AFRICA/CONGO DR - Francophonie Summit begins: the crisis in Kivu and in Mali and the relations between France and Africa at the centre of the work

Saturday, 13 October 2012

Kinshasa (Agenzia Fides) - Last night the fourteenth summit of the Francophonie summit began in Kinshasa, the first in Central Africa and, in particular, in the Great Lakes of Africa. For months, the capital of the Democratic Republic of Congo prepared itself with great intensity to an event which sees the participation of about twenty Heads of State and government.
The city was thoroughly cleaned at the expense of small tradesmen who were forced to leave their homes where they carried out their activities.
Among the issues at heart are: the crisis in the north of Mali; the possible membership of Gabon in the Commonwealth and above all the latest developments of the crisis in North Kivu, in eastern Congo, where since the end of April 260,000 newly displaced people have fled their villages to save themselves from the violence of the new rebel group M23, as well as by other armed militias raging across the territory (FDLR, Mai mai, Nyatura, APCLS, just to name a few). To these, we have to add another 60 thousand people who have crossed the border with Uganda and Rwanda. In North Kivu, today, the number of displaced persons amounts to about 700 000 out of a total of two million throughout the Congolese territory.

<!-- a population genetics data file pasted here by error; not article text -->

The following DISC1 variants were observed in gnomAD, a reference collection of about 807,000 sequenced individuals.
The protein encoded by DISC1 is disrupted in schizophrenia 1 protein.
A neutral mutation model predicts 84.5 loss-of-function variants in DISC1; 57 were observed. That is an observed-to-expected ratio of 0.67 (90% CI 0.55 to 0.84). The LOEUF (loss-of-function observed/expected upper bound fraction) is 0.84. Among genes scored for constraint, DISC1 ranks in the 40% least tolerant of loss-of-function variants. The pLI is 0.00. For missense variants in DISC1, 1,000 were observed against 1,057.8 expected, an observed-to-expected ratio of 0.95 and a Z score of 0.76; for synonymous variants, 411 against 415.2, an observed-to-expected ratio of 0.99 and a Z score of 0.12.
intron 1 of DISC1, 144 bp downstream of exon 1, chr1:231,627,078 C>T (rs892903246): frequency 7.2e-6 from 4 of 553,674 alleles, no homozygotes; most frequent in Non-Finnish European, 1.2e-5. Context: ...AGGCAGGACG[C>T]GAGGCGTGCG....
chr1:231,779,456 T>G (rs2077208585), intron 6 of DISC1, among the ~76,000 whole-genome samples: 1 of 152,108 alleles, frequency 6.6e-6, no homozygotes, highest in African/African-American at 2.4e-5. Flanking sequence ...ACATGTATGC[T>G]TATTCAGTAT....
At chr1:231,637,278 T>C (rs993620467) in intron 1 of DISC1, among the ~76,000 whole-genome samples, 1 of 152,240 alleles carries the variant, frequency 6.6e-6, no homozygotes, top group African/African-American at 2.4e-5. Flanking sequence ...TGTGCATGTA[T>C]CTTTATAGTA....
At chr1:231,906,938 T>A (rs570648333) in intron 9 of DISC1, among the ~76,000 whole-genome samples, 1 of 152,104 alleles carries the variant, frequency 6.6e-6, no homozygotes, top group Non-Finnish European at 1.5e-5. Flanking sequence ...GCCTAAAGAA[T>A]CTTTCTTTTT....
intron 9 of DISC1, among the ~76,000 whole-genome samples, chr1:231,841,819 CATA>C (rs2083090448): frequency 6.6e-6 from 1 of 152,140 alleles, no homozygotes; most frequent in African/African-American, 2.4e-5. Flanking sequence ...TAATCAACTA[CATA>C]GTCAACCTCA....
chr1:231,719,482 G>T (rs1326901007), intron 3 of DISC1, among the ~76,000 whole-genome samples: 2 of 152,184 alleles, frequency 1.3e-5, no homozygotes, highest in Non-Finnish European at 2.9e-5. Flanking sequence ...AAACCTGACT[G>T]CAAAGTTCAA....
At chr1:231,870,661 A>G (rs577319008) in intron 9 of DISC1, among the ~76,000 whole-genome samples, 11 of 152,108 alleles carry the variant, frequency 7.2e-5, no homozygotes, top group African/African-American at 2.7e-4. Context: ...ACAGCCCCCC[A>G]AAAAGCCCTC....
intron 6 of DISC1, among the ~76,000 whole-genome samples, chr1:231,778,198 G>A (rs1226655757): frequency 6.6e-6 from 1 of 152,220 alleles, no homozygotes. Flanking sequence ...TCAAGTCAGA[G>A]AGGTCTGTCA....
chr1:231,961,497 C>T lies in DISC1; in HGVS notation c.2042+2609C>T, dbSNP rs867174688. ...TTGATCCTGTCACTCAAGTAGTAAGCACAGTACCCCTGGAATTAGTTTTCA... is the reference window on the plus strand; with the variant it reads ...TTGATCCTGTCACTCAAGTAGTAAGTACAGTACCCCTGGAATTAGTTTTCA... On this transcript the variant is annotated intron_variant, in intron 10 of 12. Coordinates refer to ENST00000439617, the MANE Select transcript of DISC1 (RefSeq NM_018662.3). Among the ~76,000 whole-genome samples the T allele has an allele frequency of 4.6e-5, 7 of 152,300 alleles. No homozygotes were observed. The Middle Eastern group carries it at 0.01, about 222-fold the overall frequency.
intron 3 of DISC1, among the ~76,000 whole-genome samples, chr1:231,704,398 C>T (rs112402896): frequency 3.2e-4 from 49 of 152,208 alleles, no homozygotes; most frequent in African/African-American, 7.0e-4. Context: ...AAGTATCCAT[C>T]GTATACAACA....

The spotlight of the summit are particularly focused on the participation of French President François Hollande, who yesterday, in Dakar, inaugurated his first official visit to Africa, which is of great importance, especially because it follows the much-disputed speech held in the Senegalese capital by Nicolas Sarkozy in 2007. A speech which was widely criticized because, in essence, it accused Africa and the Africans of being linked to the past and not being able to project into the future. For this reason, Hollande's speech will be followed with particular care.
Hollande's arrival in Kinshasa, however, was preceded by a dispute with the Congolese government that did not well digest some of his sentences concerning the lack of human rights, democracy and recognition of the opposition in the country that was once called Zaire. The French President’s following appeal to non-infringement of Congolese borders from foreign nations, with an implicit reference to the nearby Rwanda of Kagame, however, was highly appreciated by Kinshasa and nipped tones of the controversy in the bud. (D.G./L.M.) (Agenzia Fides 13/10/2012)

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